Peinliche Halsgerichtsordnung.

Bamberg, Johann Wagner, 1580.


Folio, ff (iv) 72 (xx). Gothic letter, title in red within very ornate, almost baroque border, the Episcopal arms in centre, 21 full or nearly full page woodcut illustrations depicting various stages of the legal process from the swearing in of the court, the questioning including the torture of the prisoner (one plate depicts the variety of legal ‘implements’), trial and execution, as well as ancillary matters such as the recovery of goods, inventory of a fugitive and the assessing of court costs; the illustrations are detailed, lively and in good strong impression. Large woodcut initials, ornate woodcut ornaments. Fore-edge of title page a bit frayed and dusty, slight age yellowing and marginal foxing, a few marginal tears without loss. An excellent copy, clean and wide margined on high quality paper (rare for this era of German printing) in contemporary vellum over boards, painted original orange/pink, 2 c.20 bookplates on front pastedown, first joint cracking within, but sound.

Beautifully illustrated edition of Bamberg’s first codification of Criminal law with one full page woodcut by Jost Amman and the remainder by Wolf Traut. The woodcuts are remarkable in their composition and in the thoroughness with which they tell their story; they must be the most compelling in any lawbook of the c.16th. Compiled and promulgated by Hofmeister Johann von Schwarzenberg for the Prince-Bishop George III, the first edition appeared in 1507.

The present thoroughly revised version, first published here, became the definitive text and remained the standard reference work on Bamberg’s criminal law until the suppression of the Prince-Bishopric under Napoleon. It was clear, comprehensible and legally accurate, an unusual combination. The Halsgerichtsordnung’s success was such that its fame was not confined to Bamberg, but its provisions formed the basis of the Imperial legal system of Charles V ‘the Carolina’, still referred to by legal historians as “a milestone and turning point in German criminal law development”. This 1580 edition was also produced with the convenience of the legal practitioner in mind. The folios are numbered in Arabic, each paragraph in Roman and the 40 page alphabetical table of contents at the end provides the reference to both, for each entry.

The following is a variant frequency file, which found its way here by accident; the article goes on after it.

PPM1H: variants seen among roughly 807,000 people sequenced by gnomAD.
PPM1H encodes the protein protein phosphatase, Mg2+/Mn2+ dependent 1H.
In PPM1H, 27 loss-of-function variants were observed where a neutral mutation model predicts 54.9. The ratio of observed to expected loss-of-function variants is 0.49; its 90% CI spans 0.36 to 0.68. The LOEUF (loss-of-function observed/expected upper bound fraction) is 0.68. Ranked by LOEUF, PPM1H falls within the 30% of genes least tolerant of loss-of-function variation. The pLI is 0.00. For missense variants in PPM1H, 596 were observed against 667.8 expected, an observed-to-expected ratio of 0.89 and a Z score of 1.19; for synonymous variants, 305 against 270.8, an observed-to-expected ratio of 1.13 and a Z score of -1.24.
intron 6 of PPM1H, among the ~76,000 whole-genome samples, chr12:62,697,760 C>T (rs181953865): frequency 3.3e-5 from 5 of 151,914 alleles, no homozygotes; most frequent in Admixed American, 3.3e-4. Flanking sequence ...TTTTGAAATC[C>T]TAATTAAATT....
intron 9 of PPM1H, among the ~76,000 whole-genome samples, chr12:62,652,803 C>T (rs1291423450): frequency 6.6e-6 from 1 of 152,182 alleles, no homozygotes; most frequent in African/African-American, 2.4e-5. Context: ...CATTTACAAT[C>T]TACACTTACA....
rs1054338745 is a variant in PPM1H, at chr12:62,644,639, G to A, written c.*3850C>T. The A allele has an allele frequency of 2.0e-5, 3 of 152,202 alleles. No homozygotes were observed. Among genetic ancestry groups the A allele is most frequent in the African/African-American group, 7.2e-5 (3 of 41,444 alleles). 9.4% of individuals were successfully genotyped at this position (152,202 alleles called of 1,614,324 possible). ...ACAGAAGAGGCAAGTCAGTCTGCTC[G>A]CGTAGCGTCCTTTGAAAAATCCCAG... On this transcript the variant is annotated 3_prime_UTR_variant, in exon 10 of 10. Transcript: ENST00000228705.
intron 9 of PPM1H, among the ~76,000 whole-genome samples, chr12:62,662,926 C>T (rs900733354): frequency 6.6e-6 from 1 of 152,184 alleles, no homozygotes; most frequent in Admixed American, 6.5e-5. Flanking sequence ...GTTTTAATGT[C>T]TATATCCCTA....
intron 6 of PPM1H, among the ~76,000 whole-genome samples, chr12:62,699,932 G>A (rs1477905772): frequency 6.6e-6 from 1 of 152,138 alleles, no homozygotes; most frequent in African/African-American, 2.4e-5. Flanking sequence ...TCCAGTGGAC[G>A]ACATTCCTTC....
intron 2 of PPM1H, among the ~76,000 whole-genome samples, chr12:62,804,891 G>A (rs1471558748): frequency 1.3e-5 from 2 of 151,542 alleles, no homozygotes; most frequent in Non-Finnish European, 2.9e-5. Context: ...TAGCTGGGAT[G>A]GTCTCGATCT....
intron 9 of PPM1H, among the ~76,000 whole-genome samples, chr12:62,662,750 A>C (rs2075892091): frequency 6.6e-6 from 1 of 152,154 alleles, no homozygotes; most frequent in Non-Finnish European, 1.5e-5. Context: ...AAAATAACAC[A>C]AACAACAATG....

Despite the gory depictions of the judicial torture chamber, the work is modern in recognising that even the most serious crimes were rarely the fruit of inherent vice or seduction by the devil but the result of the protagonist being put into an impossible position by circumstances out of his control and making the wrong but almost inevitable choice.

BM.STC Ger p.64, cf. Fairfax Murray, German Bks vol II, 457 with 3 reprods.


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